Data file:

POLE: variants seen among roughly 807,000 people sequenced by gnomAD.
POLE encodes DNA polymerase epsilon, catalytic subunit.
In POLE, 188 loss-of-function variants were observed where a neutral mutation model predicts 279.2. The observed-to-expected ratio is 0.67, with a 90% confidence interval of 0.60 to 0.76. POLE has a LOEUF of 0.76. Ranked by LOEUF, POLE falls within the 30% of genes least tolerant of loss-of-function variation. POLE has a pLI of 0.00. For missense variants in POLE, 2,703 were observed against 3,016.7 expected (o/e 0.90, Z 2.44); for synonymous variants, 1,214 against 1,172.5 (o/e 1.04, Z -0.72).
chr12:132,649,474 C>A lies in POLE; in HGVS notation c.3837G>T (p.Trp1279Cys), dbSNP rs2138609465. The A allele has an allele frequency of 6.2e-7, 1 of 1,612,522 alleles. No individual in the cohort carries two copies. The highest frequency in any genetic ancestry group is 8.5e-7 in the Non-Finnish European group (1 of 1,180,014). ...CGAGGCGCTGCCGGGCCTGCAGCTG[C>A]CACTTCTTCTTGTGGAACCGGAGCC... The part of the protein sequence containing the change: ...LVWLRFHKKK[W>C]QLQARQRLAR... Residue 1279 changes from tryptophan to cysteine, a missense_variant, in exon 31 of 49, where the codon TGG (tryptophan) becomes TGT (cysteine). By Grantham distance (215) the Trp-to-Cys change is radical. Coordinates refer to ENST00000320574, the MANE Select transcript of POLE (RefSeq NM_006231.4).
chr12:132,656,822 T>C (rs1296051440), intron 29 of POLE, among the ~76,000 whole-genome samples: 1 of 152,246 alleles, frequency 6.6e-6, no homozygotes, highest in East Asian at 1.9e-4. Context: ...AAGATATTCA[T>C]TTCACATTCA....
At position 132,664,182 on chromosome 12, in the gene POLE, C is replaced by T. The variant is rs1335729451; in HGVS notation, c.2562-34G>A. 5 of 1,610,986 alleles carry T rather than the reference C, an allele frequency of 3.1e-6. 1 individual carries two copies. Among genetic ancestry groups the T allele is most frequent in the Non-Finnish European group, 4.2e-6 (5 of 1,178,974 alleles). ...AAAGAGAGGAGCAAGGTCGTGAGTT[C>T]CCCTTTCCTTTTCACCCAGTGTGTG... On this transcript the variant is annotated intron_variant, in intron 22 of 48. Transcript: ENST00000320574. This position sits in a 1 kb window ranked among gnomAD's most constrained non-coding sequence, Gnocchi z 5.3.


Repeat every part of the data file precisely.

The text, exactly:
POLE: variants seen among roughly 807,000 people sequenced by gnomAD.
POLE encodes DNA polymerase epsilon, catalytic subunit.
In POLE, 188 loss-of-function variants were observed where a neutral mutation model predicts 279.2. The observed-to-expected ratio is 0.67, with a 90% confidence interval of 0.60 to 0.76. POLE has a LOEUF of 0.76. Ranked by LOEUF, POLE falls within the 30% of genes least tolerant of loss-of-function variation. POLE has a pLI of 0.00. For missense variants in POLE, 2,703 were observed against 3,016.7 expected (o/e 0.90, Z 2.44); for synonymous variants, 1,214 against 1,172.5 (o/e 1.04, Z -0.72).
chr12:132,649,474 C>A lies in POLE; in HGVS notation c.3837G>T (p.Trp1279Cys), dbSNP rs2138609465. The A allele has an allele frequency of 6.2e-7, 1 of 1,612,522 alleles. No individual in the cohort carries two copies. The highest frequency in any genetic ancestry group is 8.5e-7 in the Non-Finnish European group (1 of 1,180,014). ...CGAGGCGCTGCCGGGCCTGCAGCTG[C>A]CACTTCTTCTTGTGGAACCGGAGCC... The part of the protein sequence containing the change: ...LVWLRFHKKK[W>C]QLQARQRLAR... Residue 1279 changes from tryptophan to cysteine, a missense_variant, in exon 31 of 49, where the codon TGG (tryptophan) becomes TGT (cysteine). By Grantham distance (215) the Trp-to-Cys change is radical. Coordinates refer to ENST00000320574, the MANE Select transcript of POLE (RefSeq NM_006231.4).
chr12:132,656,822 T>C (rs1296051440), intron 29 of POLE, among the ~76,000 whole-genome samples: 1 of 152,246 alleles, frequency 6.6e-6, no homozygotes, highest in East Asian at 1.9e-4. Context: ...AAGATATTCA[T>C]TTCACATTCA....
At position 132,664,182 on chromosome 12, in the gene POLE, C is replaced by T. The variant is rs1335729451; in HGVS notation, c.2562-34G>A. 5 of 1,610,986 alleles carry T rather than the reference C, an allele frequency of 3.1e-6. 1 individual carries two copies. Among genetic ancestry groups the T allele is most frequent in the Non-Finnish European group, 4.2e-6 (5 of 1,178,974 alleles). ...AAAGAGAGGAGCAAGGTCGTGAGTT[C>T]CCCTTTCCTTTTCACCCAGTGTGTG... On this transcript the variant is annotated intron_variant, in intron 22 of 48. Transcript: ENST00000320574. This position sits in a 1 kb window ranked among gnomAD's most constrained non-coding sequence, Gnocchi z 5.3.